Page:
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Lifting for Revenge
Matt Foreman  |  Olympic Weightlifting  |  July 17 2012

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Lifting for Revenge, Matt Foreman,
Alternative teeny rock isn’t my number-one choice of music, but there are a few songs in the genre that I dig. One of them is “Misery Business” by the band Paramore. The lyrics were written by their lead singer, a little peach named Hayley Williams. The song is pretty simple, actually. A girl is gloating because she stole a boy away from another girl she hates like hell. She jacked this girl’s man, and she just loves the fact that the chick is suffering. I don’t have any personal experience similar to this, but I can definitely relate to that blissful feeling you get when your enemies have to eat a great big crapburger.

I’m sure most of us are pretty level-headed people with solid attitudes, hopefully the types who don’t walk around boiling in rage every second. That describes you, correct? I hope so. However, we’ve all got somebody we don’t like. I’m positive of that.

Quick Advisory: One or two of you might say, “No, I like everybody. I don’t have any hard feelings at all.” If that’s you, stop reading this post. It won’t apply to you. Please go to a website called www.I’m-freaking-lying-to-myself.com and read something there.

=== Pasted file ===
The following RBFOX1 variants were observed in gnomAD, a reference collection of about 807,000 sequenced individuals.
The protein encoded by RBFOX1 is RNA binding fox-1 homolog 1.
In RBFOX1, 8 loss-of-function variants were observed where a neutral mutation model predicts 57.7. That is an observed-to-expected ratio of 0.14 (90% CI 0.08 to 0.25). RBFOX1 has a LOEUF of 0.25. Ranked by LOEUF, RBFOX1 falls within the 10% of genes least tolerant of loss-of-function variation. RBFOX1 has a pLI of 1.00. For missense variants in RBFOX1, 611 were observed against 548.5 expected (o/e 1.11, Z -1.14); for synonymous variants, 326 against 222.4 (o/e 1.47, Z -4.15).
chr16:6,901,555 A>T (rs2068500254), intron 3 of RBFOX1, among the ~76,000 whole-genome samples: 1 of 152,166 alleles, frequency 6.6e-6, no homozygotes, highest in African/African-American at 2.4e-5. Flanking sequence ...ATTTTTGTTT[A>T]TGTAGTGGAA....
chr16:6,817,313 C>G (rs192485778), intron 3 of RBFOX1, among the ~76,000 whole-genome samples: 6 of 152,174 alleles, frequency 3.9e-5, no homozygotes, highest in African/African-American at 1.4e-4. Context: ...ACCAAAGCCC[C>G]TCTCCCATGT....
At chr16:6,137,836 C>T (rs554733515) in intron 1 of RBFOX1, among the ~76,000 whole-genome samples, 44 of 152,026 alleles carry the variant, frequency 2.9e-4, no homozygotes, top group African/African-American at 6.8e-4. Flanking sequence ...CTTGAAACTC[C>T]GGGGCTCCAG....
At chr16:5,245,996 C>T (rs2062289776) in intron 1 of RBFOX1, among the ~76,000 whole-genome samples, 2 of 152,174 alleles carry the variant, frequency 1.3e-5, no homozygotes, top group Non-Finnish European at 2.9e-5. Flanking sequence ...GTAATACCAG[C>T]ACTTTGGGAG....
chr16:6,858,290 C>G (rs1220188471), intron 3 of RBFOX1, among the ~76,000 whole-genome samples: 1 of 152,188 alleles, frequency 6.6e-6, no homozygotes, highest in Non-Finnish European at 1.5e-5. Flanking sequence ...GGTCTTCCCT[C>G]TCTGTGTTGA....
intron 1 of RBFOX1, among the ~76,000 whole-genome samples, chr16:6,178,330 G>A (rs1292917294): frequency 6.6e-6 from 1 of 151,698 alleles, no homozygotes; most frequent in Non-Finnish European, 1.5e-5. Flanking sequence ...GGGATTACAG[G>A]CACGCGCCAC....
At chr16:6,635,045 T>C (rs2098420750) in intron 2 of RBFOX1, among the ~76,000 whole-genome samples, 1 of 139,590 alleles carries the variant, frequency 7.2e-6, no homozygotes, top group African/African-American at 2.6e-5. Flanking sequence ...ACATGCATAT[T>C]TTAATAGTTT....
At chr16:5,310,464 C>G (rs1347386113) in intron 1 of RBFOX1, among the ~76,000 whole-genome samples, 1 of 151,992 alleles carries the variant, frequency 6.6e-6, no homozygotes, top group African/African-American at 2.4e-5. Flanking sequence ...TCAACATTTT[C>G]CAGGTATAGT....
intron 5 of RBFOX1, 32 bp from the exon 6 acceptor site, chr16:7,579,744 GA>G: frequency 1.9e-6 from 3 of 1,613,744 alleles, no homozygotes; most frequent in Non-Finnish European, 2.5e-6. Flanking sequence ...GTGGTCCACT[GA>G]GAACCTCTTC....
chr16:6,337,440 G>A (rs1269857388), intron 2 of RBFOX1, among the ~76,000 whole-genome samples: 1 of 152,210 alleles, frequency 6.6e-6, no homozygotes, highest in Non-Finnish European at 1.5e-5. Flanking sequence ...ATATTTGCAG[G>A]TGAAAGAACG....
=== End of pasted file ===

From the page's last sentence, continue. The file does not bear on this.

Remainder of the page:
I think it’s impossible to live without being cheated, betrayed, screwed over, pushed around, or insulted at least a little bit. It’s gotta happen to all of us every once in a while. That’s life. Hopefully, you have situations where you’re able to straighten the problem out face-to-face with the person right when it happens. I think that’s the best way to go because you can walk away with a clear head knowing that you didn’t let them get away with it, even if they still wind up with the upper hand. After it’s over, we get pissed off for a while and then we get over it…most of the time.

But I want honesty here, brothers and sisters. I want us to openly admit that there are some people out there that we haven’t forgiven. Whatever they did, we’re still ticked off at these scumbags. It might be even more aggravating if you have to live with knowing that you didn’t take care of the problem when you had the chance. Maybe you couldn’t. Maybe you were too young or something.